2.3 Provision a Backend

Feel free to skip this page if you are using Hasura cloud

The very crude way to create a GraphQL backend is to use something like Apollo server to set up one. Hence, you have to:

  1. Define and manage schemas
  2. Write resolvers and make sure they adhere to the schemas you created
  3. Carefully manage errors, security best practices, and performance concerns
  4. Setup and maintain a database if you are storing your data like we need to for this project
  5. Handle authorization/permission for every resolver you write if data integrity needs to be protected

I have been down this road (a lot), and it was never my favorite. It is just too many chores (except for writing resolvers, I love those).

Remember our buy not build mentality, this is the first time we will see it in action. In this case, though, we are not necessarily buying, but we are using an existing open-source project. Imagine a world where all those chores I listed for you are handled by a tool while you get to focus on defining and implementing your business (or fun) logic.

Hasura is an open-source GraphQL backend that connects your database and microservices to expose a GraphQL API. It sits on your database and transforms all of its data and structure into a GraphQL API. This means no more writing schemas, resolvers, authorization, etc. for most of your repetitive logic. Hasura is flexible enough and allows you to merge an existing GraphQL API if you have one or use event triggers to write custom logic for queries and mutations.


In this exercise, you will:

  • Setup a Hasura project that sits on a Postgres database
  • Create, build and run a Docker image for a Hasura backend
  • See a basic Hasura backend in action

Exercise 1: Install GraphQL Engine and Database

Task 1: Setup a project directory

We created a parent directory named herm in the previous chapter. Head to this directory and add a new folder called api

cd herm
# Backend folder
mkdir api
cd api

Task 2: Create docker-compose.yml file

To create an environment for the backend using Docker, you need to tell Docker what you want in that environment. We need a database and a GraphQL engine. The way you tell Docker about what you need is using the docker-compose.yml file:

Create a docker-compose.yml file:

touch docker-compose.yml

Open the docker-compose.yml file and paste the following configuration:

version: '3.6'
image: postgres:10
restart: always
- db_data:/var/lib/postgresql/data
POSTGRES_PASSWORD: postgrespassword
image: hasura/graphql-engine:v1.3.0
- "8080:8080"
- "postgres"
restart: always
HASURA_GRAPHQL_DATABASE_URL: postgres://postgres:postgrespassword@postgres:5432/postgres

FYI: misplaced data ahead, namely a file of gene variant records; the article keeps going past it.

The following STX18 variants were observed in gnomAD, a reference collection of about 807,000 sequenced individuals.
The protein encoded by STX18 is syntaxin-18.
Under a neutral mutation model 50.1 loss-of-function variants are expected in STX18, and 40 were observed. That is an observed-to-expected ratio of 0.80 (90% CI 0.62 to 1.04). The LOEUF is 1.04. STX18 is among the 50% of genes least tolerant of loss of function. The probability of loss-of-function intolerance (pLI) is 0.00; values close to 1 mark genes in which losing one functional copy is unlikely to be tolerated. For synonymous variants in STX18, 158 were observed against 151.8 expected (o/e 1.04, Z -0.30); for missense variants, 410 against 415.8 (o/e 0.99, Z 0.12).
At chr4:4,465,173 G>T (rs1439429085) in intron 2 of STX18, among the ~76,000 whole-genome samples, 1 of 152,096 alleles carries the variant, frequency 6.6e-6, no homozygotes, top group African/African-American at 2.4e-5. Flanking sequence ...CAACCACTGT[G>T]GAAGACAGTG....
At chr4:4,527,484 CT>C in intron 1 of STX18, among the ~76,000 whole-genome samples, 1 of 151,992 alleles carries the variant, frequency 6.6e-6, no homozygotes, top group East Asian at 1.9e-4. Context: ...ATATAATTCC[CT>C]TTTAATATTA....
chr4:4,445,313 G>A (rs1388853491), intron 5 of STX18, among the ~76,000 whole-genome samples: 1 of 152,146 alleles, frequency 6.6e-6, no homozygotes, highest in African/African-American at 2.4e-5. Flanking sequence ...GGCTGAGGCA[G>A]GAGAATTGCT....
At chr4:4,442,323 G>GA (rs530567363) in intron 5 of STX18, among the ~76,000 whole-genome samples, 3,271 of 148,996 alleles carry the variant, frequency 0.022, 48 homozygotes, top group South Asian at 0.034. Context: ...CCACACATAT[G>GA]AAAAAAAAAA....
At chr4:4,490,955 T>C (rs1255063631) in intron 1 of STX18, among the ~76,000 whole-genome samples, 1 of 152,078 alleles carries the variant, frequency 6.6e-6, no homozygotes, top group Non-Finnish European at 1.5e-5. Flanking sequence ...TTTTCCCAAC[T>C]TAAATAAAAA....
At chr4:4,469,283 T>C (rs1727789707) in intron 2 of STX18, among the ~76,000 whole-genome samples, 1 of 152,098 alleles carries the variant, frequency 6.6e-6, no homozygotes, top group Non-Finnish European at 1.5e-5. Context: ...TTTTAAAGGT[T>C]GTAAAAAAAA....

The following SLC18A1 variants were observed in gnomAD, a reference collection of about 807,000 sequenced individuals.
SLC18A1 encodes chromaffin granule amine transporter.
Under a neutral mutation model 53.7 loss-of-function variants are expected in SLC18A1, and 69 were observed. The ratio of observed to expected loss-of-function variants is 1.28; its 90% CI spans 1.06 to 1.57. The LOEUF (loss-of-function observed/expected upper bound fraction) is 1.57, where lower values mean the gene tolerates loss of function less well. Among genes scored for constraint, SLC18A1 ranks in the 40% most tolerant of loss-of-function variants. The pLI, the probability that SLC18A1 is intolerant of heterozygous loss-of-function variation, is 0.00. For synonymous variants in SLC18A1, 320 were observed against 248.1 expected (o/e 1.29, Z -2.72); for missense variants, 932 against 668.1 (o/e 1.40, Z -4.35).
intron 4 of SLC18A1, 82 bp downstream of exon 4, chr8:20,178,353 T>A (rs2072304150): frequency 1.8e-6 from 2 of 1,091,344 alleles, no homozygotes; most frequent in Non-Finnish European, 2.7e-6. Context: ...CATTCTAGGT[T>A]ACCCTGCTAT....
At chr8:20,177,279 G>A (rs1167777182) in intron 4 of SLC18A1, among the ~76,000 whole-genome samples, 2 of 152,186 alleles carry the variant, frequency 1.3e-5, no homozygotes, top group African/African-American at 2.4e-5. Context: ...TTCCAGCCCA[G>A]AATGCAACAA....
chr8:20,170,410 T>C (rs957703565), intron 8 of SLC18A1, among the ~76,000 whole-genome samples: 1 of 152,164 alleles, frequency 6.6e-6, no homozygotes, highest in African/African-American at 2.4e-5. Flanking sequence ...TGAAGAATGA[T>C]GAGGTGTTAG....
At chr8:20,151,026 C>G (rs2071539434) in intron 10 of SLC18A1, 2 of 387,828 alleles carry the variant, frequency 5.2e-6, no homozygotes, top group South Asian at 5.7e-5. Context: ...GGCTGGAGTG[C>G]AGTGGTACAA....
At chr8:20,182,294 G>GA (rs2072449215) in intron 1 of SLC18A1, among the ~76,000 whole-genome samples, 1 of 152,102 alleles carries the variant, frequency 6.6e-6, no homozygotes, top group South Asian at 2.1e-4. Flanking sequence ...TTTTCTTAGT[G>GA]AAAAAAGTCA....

HASURA_GRAPHQL_ENABLE_CONSOLE: "true" # set to "false" to disable console
HASURA_GRAPHQL_ENABLED_LOG_TYPES: startup, http-log, webhook-log, websocket-log, query-log

This compose files exposes our credentials. Anyone that has access to this file will have access to your database connection details and I am sure you wouldn't want want that.

Create environmental variables to store the credentials:

# Create a folder to store all environmental variables files
mkdir .env
# Create two environmental variable files
touch .env/db.dev.env
touch .env/hasura.dev.env

Add the following in the db.dev.env file:


Add the following to the hasura.dev.env file:

HASURA_GRAPHQL_ENABLED_LOG_TYPES=startup, http-log, webhook-log, websocket-log, query-log

Add a .gitignore file at the root of your project to remove the .env folder from source control:

# ./.gitignore

Update the YML file to use the env file:

version: '3.6'
image: postgres:10
restart: always
- db_data:/var/lib/postgresql/data
- .env/db.dev.env
image: hasura/graphql-engine:v1.3.0
- "3100:8080"
- "postgres"
restart: always
- .env/hasura.dev.env

Task 3: Create and Start the environment

The following command is meant to start the container. But since we haven’t even created the container yet, it will first create it. When the command is done creating the container, Docker will start the container. Run:

docker-compose up -d

The first time you run the command, the install process will take some time to pull docker images and create the backend environment for you. You should see an output that looks like the one below.

Creating network "api_default" with the default driver
Creating volume "api_db_data" with default driver
Pulling postgres (postgres:)...
latest: Pulling from library/postgres
000eee12ec04: Pull complete
7b8ef50e8d64: Pull complete
304f7c67e7db: Pull complete
9fe4298c8c65: Pull complete
f1ca857656d1: Pull complete
95d6c34812f7: Pull complete
9436c546bd1d: Pull complete
922326a079d9: Pull complete
d6e9dcf0d140: Pull complete
83ac3914c283: Pull complete
5ffbf9359c6e: Pull complete
d280abe82126: Pull complete
f5a37695fe7e: Pull complete
233830cd10db: Pull complete
Digest: sha256:c4da9c62c26179440d5dc7409cb7db60f4a498f0f2c080b97fdb9f7ec0b3502b
Status: Downloaded newer image for postgres:latest
Pulling graphql-engine (hasura/graphql-engine:v1.3.0)...
v1.3.0: Pulling from hasura/graphql-engine
44657d934963: Pull complete
Digest: sha256:8d1a90fb733a3680ff773ae9c5bad37b6a87cf0005be3589e7dc4e771f01cfbc
Status: Downloaded newer image for hasura/graphql-engine:v1.3.0
Creating api_postgres_1 ... done
Creating api_graphql-engine_1 ... done

Task 4: Verify that backend is running

Now that we have a running environment, let’s confirm it’s actually up:

docker ps

You can see the GraphQL engine is running on port 3100 of localhost (

Go to http://localhost:3100 to see your GraphQL console: